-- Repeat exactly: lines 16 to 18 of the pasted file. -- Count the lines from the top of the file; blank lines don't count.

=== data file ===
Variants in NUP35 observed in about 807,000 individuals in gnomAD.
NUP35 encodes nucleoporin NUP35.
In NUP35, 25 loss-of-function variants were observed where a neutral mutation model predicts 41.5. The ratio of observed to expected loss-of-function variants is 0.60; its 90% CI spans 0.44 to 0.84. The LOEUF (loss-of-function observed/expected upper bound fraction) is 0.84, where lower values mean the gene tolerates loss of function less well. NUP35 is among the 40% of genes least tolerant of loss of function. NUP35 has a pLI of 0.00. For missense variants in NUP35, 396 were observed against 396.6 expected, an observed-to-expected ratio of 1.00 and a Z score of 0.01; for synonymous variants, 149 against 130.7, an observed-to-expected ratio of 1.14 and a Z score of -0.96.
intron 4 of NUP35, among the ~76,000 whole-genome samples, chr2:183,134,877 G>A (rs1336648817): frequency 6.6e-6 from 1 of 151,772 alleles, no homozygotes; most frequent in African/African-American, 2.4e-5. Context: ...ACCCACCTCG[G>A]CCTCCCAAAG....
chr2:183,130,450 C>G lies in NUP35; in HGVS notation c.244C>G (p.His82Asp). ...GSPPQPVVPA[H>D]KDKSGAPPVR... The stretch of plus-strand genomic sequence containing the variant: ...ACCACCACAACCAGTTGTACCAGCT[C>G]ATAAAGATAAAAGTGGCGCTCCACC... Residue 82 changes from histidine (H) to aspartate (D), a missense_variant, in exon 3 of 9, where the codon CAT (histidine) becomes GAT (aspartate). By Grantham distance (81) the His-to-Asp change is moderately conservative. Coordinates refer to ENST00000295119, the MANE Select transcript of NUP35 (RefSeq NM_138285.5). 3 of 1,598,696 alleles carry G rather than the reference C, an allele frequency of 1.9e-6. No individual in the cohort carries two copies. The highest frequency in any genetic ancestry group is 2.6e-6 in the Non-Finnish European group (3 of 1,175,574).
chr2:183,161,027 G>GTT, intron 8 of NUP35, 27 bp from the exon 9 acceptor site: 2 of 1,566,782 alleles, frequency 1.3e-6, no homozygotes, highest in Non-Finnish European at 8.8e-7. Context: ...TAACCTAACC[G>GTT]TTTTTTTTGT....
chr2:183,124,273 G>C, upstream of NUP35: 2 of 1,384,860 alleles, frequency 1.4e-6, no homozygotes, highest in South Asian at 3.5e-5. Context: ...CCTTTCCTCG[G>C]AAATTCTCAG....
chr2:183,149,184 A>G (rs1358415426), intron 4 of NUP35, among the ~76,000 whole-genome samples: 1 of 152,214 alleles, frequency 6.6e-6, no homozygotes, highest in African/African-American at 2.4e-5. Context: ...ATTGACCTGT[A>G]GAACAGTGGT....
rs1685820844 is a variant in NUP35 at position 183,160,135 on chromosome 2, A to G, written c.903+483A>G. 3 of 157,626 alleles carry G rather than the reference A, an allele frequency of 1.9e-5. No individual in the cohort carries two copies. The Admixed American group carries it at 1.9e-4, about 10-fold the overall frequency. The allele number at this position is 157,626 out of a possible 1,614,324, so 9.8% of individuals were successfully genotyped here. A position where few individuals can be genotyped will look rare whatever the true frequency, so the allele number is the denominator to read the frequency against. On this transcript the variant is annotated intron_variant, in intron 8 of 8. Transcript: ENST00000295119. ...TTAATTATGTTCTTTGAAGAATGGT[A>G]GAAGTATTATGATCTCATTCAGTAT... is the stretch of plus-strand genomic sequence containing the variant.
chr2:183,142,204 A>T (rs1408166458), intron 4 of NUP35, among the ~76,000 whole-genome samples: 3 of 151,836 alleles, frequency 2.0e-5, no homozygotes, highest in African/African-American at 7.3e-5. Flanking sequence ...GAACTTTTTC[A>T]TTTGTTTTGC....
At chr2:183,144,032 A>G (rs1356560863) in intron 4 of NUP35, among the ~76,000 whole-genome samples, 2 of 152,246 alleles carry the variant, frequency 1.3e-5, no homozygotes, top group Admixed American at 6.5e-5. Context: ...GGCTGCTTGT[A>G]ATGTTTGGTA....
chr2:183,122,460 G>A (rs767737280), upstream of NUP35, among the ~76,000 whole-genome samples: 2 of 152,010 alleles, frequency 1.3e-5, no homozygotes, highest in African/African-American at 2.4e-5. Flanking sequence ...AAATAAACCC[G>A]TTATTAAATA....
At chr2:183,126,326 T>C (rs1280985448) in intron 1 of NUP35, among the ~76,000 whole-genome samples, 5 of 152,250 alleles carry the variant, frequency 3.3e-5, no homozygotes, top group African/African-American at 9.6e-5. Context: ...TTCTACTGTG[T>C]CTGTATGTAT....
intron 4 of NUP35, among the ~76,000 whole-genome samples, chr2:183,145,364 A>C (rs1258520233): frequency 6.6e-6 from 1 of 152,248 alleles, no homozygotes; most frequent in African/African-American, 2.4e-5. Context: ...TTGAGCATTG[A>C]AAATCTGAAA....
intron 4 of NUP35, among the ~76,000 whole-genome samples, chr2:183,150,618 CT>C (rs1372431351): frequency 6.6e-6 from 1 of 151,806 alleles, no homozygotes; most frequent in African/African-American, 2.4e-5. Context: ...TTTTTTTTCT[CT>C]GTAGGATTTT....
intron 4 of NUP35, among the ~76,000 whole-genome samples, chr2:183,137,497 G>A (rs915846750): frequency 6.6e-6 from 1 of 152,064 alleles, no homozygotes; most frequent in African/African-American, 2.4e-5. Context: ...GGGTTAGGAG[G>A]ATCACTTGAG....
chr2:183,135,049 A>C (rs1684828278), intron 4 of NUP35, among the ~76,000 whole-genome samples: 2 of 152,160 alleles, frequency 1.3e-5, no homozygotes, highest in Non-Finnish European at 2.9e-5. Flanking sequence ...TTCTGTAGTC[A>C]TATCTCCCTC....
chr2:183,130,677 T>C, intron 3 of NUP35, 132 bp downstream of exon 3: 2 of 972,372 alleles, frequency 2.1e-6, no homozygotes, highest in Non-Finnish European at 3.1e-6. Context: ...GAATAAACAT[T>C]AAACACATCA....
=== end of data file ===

intron 4 of NUP35, among the ~76,000 whole-genome samples, chr2:183,137,497 G>A (rs915846750): frequency 6.6e-6 from 1 of 152,064 alleles, no homozygotes; most frequent in African/African-American, 2.4e-5. Context: ...GGGTTAGGAG[G>A]ATCACTTGAG....
chr2:183,135,049 A>C (rs1684828278), intron 4 of NUP35, among the ~76,000 whole-genome samples: 2 of 152,160 alleles, frequency 1.3e-5, no homozygotes, highest in Non-Finnish European at 2.9e-5. Flanking sequence ...TTCTGTAGTC[A>C]TATCTCCCTC....
chr2:183,130,677 T>C, intron 3 of NUP35, 132 bp downstream of exon 3: 2 of 972,372 alleles, frequency 2.1e-6, no homozygotes, highest in Non-Finnish European at 3.1e-6. Context: ...GAATAAACAT[T>C]AAACACATCA....